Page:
Results

Intercorrelations and general descriptions of the scales used in this study

Table 1 shows the intercorrelations, Cronbach alpha reliability coefficients, and mean scores of the emotional traits as well as the SPQ total scores of the sample population.
Analysis of the emotional disturbances showed that depression [r(502)=0.514, p=0.000], anxiety [r(502)=0.493, p=0.000] and anger [r(502)=0.464, p=0.000] had positive correlations with the SPQ total score. Analysis of the emotional attenuators revealed that mood clarity [r(502)=-0.469, p=0.000] and mood repair [r (502)=-0.297, p=0.000] had negative correlations with the SPQ total score. Analysis of the emotional amplifiers showed that mood reactivity [r(502)=0.444, p=0.000] and affect intensity [r(502)=0.255, p=0.000] had positive correlations with the SPQ total score.
The average Cronbach alpha coefficient of the emotional traits was 0.815, and the alpha value of the SPQ total score was 0.905.

Structural equation model for the influence of emotional traits on schizotypal symptoms

When emotional disturbances influence schizotypal symptoms, it is hypothesized that emotional attenuators and emotional amplifiers assume the roles of intermediate variables and exert negative and positive influences, respectively. Structural equation modeling (SEM) was carried out in order to verify whether emotional traits do indeed have such an effect on schizotypal symptoms.
The result of the analysis of the total sample population is presented in Figure 1. The model was constructed so that emotional disturbances, such as depression, anxiety and anger, influenced schizotypal symptoms, as measured by the SPQ. In addition, the emotional attenuators, including mood clarity and mood repair, and the emotional amplifiers, including mood reactivity and affect intensity, would act as intermediate variables.
The indices of the model fit were fair [χ2(17)=111.447, p=0.000, RMSEA=0.105, RMR=0.058, GFI=0.946, NFI=0.916, CFI=0.927, AIC=149.447, R2=0.437]. The subscales of the emotional traits included in the structural equation model had statistically significant path coefficient estimates. The emotional disturbances had a negative effect on the emotional attenuators (β=-0.715, p<0.001) and a positive effect on the emotional amplifiers (β=0.610, p<0.001). Emotional attenuators had a negative effect on the intermediate variables (β=-0.798, p<0.001), while the emotional amplifiers had a positive effect on schizotypal symptoms (β=0.261, p<0.001).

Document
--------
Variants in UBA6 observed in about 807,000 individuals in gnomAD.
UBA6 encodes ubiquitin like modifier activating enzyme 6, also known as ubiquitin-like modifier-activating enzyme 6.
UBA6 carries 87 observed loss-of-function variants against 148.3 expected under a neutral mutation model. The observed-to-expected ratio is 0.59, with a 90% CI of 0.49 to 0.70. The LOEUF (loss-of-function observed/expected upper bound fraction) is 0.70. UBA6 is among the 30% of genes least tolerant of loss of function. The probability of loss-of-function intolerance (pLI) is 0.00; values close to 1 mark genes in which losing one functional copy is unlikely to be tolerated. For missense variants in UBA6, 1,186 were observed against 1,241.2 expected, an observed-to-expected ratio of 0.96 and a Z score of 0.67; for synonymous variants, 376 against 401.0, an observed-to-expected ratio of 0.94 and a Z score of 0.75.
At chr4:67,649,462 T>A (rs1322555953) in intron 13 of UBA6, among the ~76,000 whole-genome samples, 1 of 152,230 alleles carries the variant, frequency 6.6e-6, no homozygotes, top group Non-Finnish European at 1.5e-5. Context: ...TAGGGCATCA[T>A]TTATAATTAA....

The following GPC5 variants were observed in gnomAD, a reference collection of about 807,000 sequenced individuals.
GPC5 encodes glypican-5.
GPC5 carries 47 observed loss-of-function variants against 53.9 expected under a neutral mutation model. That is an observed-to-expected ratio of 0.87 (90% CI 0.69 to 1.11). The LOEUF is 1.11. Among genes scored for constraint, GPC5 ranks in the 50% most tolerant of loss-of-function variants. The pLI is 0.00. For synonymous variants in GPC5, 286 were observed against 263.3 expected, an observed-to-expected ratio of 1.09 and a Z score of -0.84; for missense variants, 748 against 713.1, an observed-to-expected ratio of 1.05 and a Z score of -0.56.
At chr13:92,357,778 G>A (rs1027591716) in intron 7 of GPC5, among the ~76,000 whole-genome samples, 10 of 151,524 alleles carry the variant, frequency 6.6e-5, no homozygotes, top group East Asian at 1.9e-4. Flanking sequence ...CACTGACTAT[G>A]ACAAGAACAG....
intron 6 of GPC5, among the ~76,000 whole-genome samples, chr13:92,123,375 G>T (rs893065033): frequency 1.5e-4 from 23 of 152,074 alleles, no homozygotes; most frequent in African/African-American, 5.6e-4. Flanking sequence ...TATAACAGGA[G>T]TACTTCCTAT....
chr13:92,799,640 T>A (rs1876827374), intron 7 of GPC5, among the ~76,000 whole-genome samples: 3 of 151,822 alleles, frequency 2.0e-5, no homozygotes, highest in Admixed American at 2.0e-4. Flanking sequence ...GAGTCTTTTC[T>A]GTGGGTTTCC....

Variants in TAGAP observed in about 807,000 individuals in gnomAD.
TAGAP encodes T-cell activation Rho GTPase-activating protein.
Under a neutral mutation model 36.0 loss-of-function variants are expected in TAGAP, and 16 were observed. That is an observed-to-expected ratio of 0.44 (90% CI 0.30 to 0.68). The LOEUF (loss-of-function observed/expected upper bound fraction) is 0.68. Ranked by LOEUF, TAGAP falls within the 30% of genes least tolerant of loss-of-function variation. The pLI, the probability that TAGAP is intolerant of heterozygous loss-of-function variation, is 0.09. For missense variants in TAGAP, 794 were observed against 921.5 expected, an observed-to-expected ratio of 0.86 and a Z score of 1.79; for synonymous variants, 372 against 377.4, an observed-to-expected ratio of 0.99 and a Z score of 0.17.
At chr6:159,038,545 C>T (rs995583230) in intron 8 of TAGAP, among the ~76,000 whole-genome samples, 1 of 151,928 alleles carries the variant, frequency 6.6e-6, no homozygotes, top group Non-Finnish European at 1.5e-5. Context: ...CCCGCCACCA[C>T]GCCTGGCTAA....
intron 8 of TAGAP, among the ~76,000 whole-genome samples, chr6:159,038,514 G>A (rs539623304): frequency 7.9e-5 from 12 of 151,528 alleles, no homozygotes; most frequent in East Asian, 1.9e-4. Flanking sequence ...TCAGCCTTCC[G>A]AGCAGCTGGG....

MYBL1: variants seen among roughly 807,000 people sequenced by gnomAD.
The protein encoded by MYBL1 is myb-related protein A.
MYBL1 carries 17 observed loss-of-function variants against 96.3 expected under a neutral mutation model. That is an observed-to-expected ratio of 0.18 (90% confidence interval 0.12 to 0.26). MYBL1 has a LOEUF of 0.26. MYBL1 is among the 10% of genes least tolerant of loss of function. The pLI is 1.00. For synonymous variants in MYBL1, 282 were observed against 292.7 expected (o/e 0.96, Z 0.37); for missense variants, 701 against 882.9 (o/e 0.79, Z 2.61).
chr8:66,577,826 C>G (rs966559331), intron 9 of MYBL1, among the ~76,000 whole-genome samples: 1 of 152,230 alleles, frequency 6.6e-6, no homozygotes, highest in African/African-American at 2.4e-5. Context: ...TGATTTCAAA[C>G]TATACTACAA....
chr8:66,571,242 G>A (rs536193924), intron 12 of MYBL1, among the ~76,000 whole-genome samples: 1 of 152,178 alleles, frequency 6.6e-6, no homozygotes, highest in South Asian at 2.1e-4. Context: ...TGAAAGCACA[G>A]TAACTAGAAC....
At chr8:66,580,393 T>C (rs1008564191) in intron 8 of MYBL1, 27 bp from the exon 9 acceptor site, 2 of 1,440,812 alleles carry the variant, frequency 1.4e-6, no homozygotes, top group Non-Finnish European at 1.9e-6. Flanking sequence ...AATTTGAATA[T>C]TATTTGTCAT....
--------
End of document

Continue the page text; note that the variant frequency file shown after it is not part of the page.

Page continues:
To validate this model, alternative models were hypothesized and compared with this model. First, the alternative model, which used only emotional disturbances and did not include emotional attenuators and emotional amplifiers, had good model fit [χ2(2)=1.677, p=0.432, RMR=0.010, RMSEA=0.000, GFI=0.998, NFI=0.998, CFI=1.00, AIC=17.677], but the explained variance (R2=0.352) was lesser than the model hypothesized in this study. The second model in which the direct path from emotional disturbances to schizotypal symptoms was added to the model of this study was examined for whether the additional path had significant influence. The model fit was similar to the model of this study [χ2(16)=111.342, p=0.000, RMR=0.058, RMSEA=0.109, GFI=0.946, NFI=0.916, CFI=0.926, AIC=151.342, R2=0.452]. However, even with one path added, the chi-square value was not efficiently reduced. In this case, when one path was added, the Chi value should be reduced to lower than 3.84, but only 0.15 Chi value was reduced. Finally, in the third model, emotional disturbances, emotional attenuators and emotional amplifiers predicted schizotypal symptoms separately, regardless of their interrelationship. The fit of this model was not good, and the explained variance was lesser than that of the model proposed in this study [χ2(18)=444.683, p=0.000, RMR=0.268, RMSEA=0.218, GFI=0.820, NFI=0.663, CFI=0.670, AIC=480.683, R2=0.371]. Therefore, the model that we suggested in this study was the most appropriate among the possible hypothesized models, considering both the explained variance and model fit.